NewsStudents' Union

SU to host rally alongside MacEwan’s on November 18

The rally was announced at the SU's Budget Town Hall, which fielded criticism from students wanting prolonged action and demonstrations, not just one event

The University of Alberta Students’ Union will host a rally against the provincial government 2019 budget on November 18.

The Students’ Union announced the next phase in its response to the provincial budget and the specific effects it will have on post-secondary institutions and students at their Budget Town Hall in SUB on November 7. The rally will happen alongside the already planned and announced Students’ Association of MacEwan University (SAMU) demonstration on the same day.

The Students’ Union will start the rally at noon in front of the Academic Building on November 18. There will be brief remarks and then a march to the legislature. Once there, the Students’ Union rally will meet the SAMU demonstration.

Students are being encouraged to share their stories on how the budget will affect them personally with the Students’ Union. Their stories will be collected and shared with the Minister of Advanced Education Demetrios Nicolaides and the Official Opposition shadow critic for the ministry of advanced education David Eggen.

Eggen attended the Students’ Union town hall and listened to the feedback being presented. In an interview, he said this budget unveiled by the United Conservative Party (UCP) is potentially the largest cuts facing post-secondary in Alberta history.

“We are just starting to see how some students will not be able to go to school,” he said. “Costs will increase and the quality of education will decrease.”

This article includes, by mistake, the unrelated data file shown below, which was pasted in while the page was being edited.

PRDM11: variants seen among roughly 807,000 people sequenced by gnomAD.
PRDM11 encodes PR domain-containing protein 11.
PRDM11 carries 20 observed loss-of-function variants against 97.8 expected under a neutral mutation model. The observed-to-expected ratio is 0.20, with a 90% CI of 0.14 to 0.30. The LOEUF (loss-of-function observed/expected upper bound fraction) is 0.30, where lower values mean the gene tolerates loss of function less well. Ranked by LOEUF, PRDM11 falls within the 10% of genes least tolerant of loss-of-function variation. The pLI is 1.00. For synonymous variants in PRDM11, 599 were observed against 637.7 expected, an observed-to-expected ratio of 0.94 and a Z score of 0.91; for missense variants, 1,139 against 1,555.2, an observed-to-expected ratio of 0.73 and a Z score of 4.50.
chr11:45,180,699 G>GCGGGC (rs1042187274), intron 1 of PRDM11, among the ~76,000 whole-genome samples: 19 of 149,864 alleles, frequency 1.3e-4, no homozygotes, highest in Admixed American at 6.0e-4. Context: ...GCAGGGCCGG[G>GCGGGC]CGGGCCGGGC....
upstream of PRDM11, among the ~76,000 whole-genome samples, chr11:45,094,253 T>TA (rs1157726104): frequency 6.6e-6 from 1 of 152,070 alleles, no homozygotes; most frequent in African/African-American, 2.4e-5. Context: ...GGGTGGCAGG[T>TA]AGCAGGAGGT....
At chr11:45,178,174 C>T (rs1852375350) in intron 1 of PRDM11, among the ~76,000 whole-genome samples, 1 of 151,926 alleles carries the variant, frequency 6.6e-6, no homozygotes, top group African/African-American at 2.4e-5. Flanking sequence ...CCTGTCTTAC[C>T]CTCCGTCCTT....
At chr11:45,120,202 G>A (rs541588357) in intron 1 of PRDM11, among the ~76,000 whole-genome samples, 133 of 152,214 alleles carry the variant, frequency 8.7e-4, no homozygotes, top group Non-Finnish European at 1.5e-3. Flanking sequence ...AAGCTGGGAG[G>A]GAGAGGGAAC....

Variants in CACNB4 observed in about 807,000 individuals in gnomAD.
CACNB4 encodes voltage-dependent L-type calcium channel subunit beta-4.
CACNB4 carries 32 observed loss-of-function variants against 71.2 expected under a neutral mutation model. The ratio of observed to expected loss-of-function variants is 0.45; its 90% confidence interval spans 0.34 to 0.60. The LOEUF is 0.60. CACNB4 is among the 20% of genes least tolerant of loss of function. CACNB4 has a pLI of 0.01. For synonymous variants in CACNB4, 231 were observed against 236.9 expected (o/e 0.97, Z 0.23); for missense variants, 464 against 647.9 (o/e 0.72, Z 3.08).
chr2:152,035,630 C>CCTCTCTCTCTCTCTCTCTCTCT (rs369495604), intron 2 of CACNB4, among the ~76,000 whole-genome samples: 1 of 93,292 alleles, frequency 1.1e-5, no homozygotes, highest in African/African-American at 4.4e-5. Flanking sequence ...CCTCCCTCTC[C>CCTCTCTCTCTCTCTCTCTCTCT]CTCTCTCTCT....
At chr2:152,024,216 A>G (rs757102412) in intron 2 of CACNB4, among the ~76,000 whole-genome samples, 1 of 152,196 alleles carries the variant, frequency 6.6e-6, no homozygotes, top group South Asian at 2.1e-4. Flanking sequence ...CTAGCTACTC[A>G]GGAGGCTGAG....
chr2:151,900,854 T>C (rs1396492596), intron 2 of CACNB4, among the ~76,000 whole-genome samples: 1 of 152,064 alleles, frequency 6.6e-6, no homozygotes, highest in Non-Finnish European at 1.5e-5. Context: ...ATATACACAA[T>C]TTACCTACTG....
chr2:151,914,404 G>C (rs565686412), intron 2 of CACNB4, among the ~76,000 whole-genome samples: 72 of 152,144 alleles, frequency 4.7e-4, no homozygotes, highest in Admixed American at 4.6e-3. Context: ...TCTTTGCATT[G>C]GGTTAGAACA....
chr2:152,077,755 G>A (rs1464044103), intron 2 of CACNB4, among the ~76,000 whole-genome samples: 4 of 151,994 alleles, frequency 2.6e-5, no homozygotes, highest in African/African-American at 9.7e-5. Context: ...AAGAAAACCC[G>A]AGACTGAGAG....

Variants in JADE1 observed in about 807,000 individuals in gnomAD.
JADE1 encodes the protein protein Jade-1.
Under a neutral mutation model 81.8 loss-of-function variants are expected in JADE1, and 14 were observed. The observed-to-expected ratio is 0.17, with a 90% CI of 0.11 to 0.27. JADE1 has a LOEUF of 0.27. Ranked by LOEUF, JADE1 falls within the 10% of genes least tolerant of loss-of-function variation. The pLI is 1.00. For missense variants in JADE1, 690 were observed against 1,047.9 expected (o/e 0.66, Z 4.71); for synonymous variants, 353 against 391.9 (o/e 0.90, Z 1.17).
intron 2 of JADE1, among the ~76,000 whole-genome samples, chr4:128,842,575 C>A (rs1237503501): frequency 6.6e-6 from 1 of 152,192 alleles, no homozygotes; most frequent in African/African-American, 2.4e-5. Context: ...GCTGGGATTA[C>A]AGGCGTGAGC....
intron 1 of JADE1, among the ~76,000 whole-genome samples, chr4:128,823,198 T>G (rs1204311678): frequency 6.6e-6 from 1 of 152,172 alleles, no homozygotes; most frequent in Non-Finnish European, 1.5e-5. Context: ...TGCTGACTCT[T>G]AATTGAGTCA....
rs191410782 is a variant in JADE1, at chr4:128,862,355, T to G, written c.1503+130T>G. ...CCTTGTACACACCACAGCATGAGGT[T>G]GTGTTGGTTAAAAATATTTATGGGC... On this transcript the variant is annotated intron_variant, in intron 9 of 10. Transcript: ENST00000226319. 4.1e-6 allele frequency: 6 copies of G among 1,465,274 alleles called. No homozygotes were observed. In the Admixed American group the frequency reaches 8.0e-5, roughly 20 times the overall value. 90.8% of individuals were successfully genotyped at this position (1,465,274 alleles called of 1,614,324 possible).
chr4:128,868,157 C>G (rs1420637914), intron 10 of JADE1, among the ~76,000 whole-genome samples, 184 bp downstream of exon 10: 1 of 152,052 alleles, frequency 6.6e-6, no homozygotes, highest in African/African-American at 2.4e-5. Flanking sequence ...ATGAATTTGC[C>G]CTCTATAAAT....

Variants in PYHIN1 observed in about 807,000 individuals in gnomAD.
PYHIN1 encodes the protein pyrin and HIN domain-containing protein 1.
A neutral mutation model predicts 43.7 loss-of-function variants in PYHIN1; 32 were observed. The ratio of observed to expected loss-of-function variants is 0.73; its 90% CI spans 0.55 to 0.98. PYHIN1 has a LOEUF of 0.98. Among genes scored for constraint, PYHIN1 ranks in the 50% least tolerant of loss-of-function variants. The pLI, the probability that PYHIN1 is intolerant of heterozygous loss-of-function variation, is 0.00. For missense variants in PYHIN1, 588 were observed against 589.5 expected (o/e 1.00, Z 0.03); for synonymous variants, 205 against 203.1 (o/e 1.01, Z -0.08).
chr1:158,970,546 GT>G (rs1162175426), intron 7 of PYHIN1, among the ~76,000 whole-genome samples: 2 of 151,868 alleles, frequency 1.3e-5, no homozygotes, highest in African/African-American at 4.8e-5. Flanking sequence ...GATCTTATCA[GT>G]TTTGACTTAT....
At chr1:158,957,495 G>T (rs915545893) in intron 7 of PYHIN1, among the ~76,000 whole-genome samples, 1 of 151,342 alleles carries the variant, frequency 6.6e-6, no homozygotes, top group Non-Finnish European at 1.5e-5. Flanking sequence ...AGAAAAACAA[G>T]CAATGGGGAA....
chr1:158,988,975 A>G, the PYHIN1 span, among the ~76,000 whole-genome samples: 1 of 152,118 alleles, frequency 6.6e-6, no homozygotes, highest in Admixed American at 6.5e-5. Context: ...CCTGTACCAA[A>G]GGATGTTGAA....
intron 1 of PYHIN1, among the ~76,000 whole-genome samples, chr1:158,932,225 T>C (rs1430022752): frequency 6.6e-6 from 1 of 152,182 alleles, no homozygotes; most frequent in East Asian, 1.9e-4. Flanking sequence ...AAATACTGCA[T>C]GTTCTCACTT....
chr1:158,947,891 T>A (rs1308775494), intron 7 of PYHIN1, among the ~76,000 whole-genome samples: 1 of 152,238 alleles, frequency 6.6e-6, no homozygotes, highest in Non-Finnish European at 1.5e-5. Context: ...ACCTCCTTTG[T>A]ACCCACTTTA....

“The UCP wants to cut, but they will have to pay for their decisions,” he said. “This is a good time to push back.”

He said he would “absolutely” support any demonstration against cuts to post-secondary that students organize.

“I support student protests and pushback every step of the way,” Eggen said.

After the town hall, The Gateway reached out to the Minister of Advanced Education. His office said this was the first they were hearing about the Students’ Union rally.

They mentioned SAMU reached out to the minister, who will have a meeting with their executives before the rally and their student leaders will be introduced in the Legislature that day. The minister’s office said this same opportunity will be extended to the Students’ Union executive.

In lieu of a statement, the minister’s office provided The Gateway with a letter penned by Nicolaides himself, addressing some student concerns like tuition increases and increases to student loans. The letter is included at the bottom of the article.

Town Hall Recap

Frustration from students for “delayed” response to budget

Approximately 70 students attended the town hall. The executive opened with remarks on how the budget will impact students and shared the plan for the rally. The majority of time was spent listening to student concerns and feedback about the provincial budget.

Five students throughout the town hall questioned why the Students’ Union is only responding to the provincial budget — which was released on October 24 — now.

Khadra Ahmed

Bhatnagar apologized and said the Students’ Union delayed its response to ensure student voices were consulted.

One student asked why the Students’ Union hosted a town hall in first place, citing their political policy outlining how the organization automatically is against any increases to tuition.